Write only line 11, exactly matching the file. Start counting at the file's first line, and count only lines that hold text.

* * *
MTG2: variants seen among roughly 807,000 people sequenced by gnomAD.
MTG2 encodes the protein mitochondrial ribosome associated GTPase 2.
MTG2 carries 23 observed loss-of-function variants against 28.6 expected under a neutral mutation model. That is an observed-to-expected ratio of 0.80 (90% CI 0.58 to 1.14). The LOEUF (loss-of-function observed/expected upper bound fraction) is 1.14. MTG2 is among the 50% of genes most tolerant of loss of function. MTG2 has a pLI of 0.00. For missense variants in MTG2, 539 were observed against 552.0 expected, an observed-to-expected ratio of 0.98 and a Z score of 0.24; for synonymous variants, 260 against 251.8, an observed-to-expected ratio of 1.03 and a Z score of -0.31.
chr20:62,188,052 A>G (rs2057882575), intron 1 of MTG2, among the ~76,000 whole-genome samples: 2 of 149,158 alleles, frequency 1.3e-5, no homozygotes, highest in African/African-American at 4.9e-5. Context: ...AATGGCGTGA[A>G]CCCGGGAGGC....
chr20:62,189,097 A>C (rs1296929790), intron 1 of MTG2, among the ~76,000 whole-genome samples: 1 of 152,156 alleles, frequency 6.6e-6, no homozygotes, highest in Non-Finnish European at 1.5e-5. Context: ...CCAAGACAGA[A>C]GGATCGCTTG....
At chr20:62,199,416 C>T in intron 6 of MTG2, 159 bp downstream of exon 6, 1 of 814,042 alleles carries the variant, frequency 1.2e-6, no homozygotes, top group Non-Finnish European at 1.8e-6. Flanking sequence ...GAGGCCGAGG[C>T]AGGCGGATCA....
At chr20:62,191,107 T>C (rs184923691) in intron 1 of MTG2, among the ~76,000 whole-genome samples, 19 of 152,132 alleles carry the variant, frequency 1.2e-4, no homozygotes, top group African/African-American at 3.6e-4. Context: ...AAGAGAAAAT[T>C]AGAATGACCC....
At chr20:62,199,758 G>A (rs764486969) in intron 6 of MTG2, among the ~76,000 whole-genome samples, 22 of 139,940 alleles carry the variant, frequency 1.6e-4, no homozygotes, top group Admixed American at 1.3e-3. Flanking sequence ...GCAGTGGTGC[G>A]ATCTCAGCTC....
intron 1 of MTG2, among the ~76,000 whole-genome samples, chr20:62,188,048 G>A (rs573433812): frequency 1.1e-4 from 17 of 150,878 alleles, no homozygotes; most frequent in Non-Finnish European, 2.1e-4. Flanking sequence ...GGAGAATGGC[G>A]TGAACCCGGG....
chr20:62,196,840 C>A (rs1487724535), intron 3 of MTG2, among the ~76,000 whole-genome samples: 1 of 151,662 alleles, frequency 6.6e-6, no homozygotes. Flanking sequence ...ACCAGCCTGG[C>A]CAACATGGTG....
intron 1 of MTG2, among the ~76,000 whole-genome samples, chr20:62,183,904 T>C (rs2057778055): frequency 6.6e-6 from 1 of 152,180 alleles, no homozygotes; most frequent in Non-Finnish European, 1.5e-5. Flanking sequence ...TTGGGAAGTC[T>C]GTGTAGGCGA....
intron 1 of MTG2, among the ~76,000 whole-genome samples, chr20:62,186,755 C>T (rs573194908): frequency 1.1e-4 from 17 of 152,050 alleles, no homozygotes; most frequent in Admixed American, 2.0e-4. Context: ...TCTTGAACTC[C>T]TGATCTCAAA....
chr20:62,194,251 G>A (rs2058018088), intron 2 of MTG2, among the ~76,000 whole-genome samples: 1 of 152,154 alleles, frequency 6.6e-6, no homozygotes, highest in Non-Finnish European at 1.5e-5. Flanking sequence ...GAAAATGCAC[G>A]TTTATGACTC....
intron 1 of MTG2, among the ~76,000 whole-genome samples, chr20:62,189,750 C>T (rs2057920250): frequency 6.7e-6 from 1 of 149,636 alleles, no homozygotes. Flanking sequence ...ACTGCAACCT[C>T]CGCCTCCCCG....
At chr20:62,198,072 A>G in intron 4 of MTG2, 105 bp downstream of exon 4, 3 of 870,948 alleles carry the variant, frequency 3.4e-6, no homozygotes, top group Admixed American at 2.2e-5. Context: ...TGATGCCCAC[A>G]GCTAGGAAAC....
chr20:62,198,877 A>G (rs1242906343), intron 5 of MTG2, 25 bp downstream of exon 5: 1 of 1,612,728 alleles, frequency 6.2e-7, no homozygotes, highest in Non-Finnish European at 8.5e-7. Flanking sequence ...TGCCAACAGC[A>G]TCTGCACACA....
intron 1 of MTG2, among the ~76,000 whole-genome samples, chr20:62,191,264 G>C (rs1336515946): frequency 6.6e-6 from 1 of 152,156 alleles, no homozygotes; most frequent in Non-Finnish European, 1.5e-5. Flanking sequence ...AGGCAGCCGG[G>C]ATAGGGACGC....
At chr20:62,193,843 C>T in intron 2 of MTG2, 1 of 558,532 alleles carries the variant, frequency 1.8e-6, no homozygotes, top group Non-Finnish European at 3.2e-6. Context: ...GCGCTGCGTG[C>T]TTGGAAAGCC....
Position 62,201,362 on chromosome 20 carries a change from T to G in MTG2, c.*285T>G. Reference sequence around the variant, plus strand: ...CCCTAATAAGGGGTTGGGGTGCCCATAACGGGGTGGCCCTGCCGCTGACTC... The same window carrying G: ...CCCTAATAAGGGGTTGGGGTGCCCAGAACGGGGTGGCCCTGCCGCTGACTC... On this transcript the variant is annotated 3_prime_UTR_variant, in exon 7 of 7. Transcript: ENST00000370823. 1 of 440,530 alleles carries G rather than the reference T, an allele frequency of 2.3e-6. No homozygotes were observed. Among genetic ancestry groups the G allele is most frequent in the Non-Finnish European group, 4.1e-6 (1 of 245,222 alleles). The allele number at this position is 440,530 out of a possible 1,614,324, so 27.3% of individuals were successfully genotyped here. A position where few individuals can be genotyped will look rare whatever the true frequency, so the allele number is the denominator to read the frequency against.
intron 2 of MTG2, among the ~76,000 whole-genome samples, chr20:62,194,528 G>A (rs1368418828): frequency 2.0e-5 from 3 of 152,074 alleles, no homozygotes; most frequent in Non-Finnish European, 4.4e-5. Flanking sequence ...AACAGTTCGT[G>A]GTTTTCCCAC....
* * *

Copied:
intron 1 of MTG2, among the ~76,000 whole-genome samples, chr20:62,183,904 T>C (rs2057778055): frequency 6.6e-6 from 1 of 152,180 alleles, no homozygotes; most frequent in Non-Finnish European, 1.5e-5. Flanking sequence ...TTGGGAAGTC[T>C]GTGTAGGCGA....